Blackness, as a concept, is extremely fluid: it can refer to cultural and ethnic identity, socio-political status, an aesthetic and embodied way of being, a social and political consciousness, or a diasporic kinship. It is used as a description of skin color ranging from the palest cream to the richest chocolate; as a marker of enslavement, marginalization, criminality, filth, or evil; or as a symbol of pride, beauty, elegance, strength, and depth. Despite the fact that it is elusive and difficult to define, blackness serves as one of the most potent and unifying domains of identity.
God and Blackness offers an ethnographic study of blackness as it is understood within a specific community—that of the First Afrikan Church, a middle-class Afrocentric congregation in Atlanta, Georgia. Drawing on nearly two years of participant observation and in‑depth interviews, Andrea C. Abrams examines how this community has employed Afrocentrism and Black theology as a means of negotiating the unreconciled natures of thoughts and ideals that are part of being both black and American. Specifically, Abrams examines the ways in which First Afrikan’s construction of community is influenced by shared understandings of blackness, and probes the means through which individuals negotiate the tensions created by competing constructions of their black identity. Although Afrocentrism operates as the focal point of this discussion, the book examines questions of political identity, religious expression and gender dynamics through the lens of a unique black church.
Introduction: Sunday Morning: Anthropology of a Church
1. The First Afrikan Way: Method and Context
2. Situating the Self: Becoming Afrikan in America
3. “Who I Am and Whose I Am”: Race and Religion
4. Ebony Affluence: Afrocentric Middle Classness
5. Eve’s Positionality: Afrocentric and Womanist Ideologies
Conclusion: The Benediction: Ashe Ashe Ashe O
About the Author
“With God and Blackness, Abrams gives us an engaging case study of a twenty-first-century American Religious world, expanding our conceptions of contemporary Protestantism… scholars of American religion, race and class will find this ethnography fascinating.”-Religion and Society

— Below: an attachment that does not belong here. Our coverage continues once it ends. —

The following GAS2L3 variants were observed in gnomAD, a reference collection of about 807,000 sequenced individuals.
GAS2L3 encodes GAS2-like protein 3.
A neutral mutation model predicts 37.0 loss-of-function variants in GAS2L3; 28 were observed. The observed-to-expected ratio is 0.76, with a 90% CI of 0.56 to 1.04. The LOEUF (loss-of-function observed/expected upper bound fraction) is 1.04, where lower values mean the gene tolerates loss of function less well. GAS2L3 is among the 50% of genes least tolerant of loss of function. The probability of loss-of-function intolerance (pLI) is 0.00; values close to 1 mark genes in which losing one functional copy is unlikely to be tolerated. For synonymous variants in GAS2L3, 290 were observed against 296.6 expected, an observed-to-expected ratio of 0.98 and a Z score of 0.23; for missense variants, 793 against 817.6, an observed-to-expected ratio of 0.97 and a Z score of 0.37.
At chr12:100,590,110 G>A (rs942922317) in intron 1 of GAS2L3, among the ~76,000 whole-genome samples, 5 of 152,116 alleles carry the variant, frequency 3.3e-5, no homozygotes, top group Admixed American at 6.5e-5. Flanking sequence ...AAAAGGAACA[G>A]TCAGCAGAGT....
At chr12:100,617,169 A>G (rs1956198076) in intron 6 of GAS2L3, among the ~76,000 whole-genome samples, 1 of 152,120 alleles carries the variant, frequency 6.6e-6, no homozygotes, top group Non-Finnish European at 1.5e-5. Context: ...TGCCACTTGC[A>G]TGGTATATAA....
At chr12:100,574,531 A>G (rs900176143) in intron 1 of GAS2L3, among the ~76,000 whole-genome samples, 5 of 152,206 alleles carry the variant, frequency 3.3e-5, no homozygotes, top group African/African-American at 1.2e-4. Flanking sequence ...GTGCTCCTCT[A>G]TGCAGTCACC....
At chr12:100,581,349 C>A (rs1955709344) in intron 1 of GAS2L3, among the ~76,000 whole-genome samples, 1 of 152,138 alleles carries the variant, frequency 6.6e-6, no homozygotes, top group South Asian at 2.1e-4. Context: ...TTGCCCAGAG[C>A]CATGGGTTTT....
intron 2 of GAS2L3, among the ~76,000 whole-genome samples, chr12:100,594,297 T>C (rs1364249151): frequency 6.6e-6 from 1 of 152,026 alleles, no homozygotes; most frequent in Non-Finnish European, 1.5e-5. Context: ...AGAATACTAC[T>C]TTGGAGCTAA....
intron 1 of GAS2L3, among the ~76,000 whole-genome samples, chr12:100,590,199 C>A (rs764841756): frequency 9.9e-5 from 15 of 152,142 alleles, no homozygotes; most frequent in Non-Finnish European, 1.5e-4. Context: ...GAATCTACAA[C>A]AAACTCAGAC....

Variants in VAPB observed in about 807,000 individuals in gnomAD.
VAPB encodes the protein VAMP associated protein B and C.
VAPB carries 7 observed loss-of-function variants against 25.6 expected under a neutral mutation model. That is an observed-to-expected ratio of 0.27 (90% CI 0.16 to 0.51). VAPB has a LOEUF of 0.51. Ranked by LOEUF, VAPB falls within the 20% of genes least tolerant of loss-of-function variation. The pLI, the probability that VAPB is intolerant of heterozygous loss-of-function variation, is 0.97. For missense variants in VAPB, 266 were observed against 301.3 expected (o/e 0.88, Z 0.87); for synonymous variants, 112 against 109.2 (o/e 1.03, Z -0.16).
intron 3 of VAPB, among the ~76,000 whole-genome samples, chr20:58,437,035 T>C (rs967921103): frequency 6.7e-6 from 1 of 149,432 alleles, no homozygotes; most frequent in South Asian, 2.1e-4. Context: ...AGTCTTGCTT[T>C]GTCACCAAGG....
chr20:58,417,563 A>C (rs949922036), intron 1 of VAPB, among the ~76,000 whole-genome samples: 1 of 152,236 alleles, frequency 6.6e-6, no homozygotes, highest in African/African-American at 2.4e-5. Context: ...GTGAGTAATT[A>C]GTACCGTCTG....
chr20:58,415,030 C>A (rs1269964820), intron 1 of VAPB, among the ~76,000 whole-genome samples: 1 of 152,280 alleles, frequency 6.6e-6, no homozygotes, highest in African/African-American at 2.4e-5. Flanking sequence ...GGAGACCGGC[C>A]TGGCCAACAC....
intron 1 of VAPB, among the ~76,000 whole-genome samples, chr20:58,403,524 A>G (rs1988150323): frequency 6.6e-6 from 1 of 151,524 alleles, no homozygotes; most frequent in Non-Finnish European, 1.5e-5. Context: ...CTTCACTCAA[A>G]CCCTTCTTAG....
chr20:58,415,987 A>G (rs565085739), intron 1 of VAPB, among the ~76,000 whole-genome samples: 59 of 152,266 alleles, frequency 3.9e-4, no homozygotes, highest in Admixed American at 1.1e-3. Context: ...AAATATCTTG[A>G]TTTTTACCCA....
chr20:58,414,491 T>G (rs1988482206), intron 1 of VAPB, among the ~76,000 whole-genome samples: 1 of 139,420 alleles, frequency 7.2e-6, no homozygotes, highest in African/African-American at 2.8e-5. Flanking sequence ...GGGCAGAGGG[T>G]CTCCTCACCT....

“Abrams has written a striking interrogation of the multivalence of black identity constructions within Afrocentric communities wedded to Christianity. Using First Afrikan Presbyterian Church in Atlanta, GA, as a lens by which to expose the problematic nature of racial essentialism within concepts of Afrocentrism, Abrams reveals the fluid, convoluted ways black identity is constructed through class and gender experiences within local black Christian communities seeking to root themselves in Afrocentric paradigms. Furthering the arguments of Victor Turner and W. E. B. DuBois around liminality and double consciousness, Abrams discloses the numerous ways in which black Christian nationalism, Americanness, and middle classness are structured within Afrocentric Christian identities. Summing Up: Recommended.”-Choice
“God and Blackness is an ideal introductory text for undergraduate courses on American religion and critical race theory, illustrating First Afrikan beliefs in compelling fashion while situating them within the contours of current scholarship on the intersections of race, class, and gender in the US.”-Anthropological Quarterly
"A welcome ethnographic study on middle-class African Americans. Abrams's research constitutes a significant advance in the study of Black religion and African American Studies. She reports on congregants’ views concerning blackness, middle-class status, feminism, and national identity and skillfully explores how middle class African Americans manage the tensions that arise between middle-class identity, Afro centrism, and Womanist perspectives.”-Stephen D. Glazier,University of Nebraska-Lincoln
"What does it mean to treat everyday and existential commitments to 'blackness' in anthropologically holistic ways? God and Blackness provides one compelling version of an answer to that question. Abrams uses this rich ethnographic study of an Afrocentric church in suburban Atlanta to tackle an important and longstanding conceptual terrain, pushing readers to think just a little bit differently about some of their taken-for-granted assumptions vis-à-vis race, gender, class, and spirituality in all of their mutually constitutive simultaneity. . . . A very engaging read!"-John L. Jackson, Jr.,author of Real Black: Adventures in Racial Sincerity